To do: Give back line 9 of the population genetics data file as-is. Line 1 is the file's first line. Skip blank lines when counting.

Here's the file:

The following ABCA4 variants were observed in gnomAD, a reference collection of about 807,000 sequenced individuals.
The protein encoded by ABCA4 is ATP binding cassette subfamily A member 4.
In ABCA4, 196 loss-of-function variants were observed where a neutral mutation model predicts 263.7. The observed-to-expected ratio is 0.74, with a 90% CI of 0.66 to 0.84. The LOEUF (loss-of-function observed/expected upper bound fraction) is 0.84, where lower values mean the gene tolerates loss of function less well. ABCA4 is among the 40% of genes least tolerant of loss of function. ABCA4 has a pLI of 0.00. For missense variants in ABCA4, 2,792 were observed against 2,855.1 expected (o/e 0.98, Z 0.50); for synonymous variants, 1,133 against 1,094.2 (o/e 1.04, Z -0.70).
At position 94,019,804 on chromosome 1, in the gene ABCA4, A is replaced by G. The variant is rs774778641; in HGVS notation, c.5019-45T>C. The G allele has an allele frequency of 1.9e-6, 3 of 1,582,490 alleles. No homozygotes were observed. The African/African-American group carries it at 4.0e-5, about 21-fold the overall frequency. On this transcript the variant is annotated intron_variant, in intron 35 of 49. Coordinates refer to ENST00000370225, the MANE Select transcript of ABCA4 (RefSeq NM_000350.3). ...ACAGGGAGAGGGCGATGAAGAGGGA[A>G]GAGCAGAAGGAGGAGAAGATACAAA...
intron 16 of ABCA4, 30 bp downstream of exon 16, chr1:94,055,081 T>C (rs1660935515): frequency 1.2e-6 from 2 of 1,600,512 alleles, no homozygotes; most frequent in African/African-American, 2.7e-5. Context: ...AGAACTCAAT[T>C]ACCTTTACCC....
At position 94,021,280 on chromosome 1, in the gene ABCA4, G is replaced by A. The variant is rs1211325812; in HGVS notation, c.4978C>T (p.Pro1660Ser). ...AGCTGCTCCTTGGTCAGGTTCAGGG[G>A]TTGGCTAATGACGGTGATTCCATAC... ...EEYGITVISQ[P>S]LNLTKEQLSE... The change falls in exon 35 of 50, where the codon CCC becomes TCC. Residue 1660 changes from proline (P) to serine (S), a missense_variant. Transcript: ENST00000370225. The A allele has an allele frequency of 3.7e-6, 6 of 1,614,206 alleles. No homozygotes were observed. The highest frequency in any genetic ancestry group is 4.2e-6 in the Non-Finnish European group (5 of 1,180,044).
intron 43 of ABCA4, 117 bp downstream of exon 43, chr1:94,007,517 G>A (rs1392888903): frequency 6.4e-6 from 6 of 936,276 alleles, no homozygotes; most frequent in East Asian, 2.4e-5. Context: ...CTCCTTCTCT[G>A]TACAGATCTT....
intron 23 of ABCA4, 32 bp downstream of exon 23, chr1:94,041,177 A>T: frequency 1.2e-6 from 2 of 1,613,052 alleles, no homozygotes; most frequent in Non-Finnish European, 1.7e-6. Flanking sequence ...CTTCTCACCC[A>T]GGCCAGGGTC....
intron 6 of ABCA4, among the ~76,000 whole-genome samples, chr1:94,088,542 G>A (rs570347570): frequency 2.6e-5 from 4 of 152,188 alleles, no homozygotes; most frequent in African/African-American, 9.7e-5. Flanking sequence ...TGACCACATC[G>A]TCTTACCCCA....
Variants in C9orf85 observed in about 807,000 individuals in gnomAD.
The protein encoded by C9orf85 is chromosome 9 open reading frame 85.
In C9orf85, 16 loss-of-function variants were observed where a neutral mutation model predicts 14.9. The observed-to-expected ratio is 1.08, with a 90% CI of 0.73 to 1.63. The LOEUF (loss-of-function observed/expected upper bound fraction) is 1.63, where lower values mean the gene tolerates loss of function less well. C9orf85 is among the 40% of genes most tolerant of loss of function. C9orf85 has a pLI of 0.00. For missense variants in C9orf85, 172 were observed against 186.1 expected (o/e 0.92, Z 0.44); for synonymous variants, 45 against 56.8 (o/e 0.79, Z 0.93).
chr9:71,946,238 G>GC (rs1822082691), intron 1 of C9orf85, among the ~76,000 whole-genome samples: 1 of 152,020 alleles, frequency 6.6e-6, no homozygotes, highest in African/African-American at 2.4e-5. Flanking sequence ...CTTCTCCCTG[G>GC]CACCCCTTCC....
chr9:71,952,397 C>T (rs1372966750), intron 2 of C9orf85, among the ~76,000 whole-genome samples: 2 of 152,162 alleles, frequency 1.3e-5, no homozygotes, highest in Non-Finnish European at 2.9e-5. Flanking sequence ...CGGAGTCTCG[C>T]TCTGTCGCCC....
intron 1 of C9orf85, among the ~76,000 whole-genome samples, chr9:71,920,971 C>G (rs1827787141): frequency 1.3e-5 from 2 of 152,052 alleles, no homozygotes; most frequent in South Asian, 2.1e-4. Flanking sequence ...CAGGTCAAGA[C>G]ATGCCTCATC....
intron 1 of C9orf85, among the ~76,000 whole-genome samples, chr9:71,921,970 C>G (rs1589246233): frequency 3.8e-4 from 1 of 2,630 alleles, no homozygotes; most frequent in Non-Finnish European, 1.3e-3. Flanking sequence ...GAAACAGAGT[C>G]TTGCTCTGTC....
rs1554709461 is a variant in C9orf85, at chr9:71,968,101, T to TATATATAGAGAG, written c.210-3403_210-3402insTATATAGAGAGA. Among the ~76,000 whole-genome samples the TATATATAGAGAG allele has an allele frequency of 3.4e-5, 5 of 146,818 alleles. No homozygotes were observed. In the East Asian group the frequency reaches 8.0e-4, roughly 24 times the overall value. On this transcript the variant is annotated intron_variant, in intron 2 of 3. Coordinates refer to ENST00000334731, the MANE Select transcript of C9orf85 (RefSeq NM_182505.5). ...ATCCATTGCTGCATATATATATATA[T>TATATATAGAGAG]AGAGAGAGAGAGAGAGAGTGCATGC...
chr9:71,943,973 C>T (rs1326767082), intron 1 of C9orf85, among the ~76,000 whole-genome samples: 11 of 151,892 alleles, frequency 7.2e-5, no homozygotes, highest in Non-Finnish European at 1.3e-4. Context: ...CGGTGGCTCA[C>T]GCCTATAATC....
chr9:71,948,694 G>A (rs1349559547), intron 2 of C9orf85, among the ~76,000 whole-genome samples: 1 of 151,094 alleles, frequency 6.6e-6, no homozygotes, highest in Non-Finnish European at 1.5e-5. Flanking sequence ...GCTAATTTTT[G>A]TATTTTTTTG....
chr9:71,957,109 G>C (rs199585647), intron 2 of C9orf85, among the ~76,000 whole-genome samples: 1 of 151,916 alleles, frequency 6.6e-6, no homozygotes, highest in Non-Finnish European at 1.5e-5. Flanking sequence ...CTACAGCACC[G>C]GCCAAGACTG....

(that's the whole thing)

intron 6 of ABCA4, among the ~76,000 whole-genome samples, chr1:94,088,542 G>A (rs570347570): frequency 2.6e-5 from 4 of 152,188 alleles, no homozygotes; most frequent in African/African-American, 9.7e-5. Flanking sequence ...TGACCACATC[G>A]TCTTACCCCA....